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A Slower Pace To Fitness

A pair of studies published in the latest edition of the Journal of the American Medical Association shows you don't have to sweat it out in the health club to get the benefits of exercise.

Dallas school principal Bruce McDonald is a prime example, "Exercise wasn't a real part of my life, I was just too busy," he says. That is until, as CBS News Correspondent John Roberts reports, he took part in a revolutionary fitness study.

The studies looked at two groups of sedentary people. One was put on a vigorous exercise program like you'd find at a gym. The other was taught to make simple lifestyle changes like taking the stairs more often or parking the car a little further from the shopping mall door.

The results were surprising. In the first 6 months under supervision, the exercise group was leading in overall fitness. But 18 months after supervision stopped, the lifestyle group had caught up, in part because more people were able to stay with the program.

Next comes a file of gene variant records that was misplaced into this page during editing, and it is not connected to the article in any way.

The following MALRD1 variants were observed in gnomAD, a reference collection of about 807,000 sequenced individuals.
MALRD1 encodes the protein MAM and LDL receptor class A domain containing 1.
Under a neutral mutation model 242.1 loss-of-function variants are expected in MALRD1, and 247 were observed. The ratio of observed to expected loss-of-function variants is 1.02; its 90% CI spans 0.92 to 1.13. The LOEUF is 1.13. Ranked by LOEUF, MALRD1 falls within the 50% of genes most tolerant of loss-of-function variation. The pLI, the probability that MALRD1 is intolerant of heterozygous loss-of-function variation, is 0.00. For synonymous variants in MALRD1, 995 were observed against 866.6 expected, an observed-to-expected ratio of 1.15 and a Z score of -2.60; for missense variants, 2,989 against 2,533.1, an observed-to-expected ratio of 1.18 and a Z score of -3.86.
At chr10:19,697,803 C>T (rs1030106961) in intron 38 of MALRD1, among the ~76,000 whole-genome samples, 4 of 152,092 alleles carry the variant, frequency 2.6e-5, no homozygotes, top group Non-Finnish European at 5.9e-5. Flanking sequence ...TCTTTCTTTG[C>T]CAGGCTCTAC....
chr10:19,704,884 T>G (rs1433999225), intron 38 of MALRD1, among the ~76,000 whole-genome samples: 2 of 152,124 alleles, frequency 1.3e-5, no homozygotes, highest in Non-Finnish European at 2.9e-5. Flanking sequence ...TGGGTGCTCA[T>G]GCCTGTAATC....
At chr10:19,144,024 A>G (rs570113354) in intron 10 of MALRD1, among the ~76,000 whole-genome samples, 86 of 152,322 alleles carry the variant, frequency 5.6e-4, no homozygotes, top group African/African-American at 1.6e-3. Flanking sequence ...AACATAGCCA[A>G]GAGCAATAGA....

Dr. Michael Pratt of the Centers for Disease Control says the research sends a positive message to people who don't have the time or inclination to start an exercise program, "You don't have to be a marathoner. You don't have to be a heavy-duty weightlifter. You can walk in your neighborhood, you can play with your kids or grandkids and you can do some gardening."

Andrea Dunn of The Cooper Institute for Aerobics Research agrees, "Doing lifestyle physical activity is a great way for people to improve their health and well being and gain significant health benefits."

Bruce McDonald is proof it works. He dropped 25 pounds during the study and was motivated enough to now add a regular workout to his routine. A bit of inspiration for the 60 percent of Americans who don't get enough exercise -- a little can go a long way.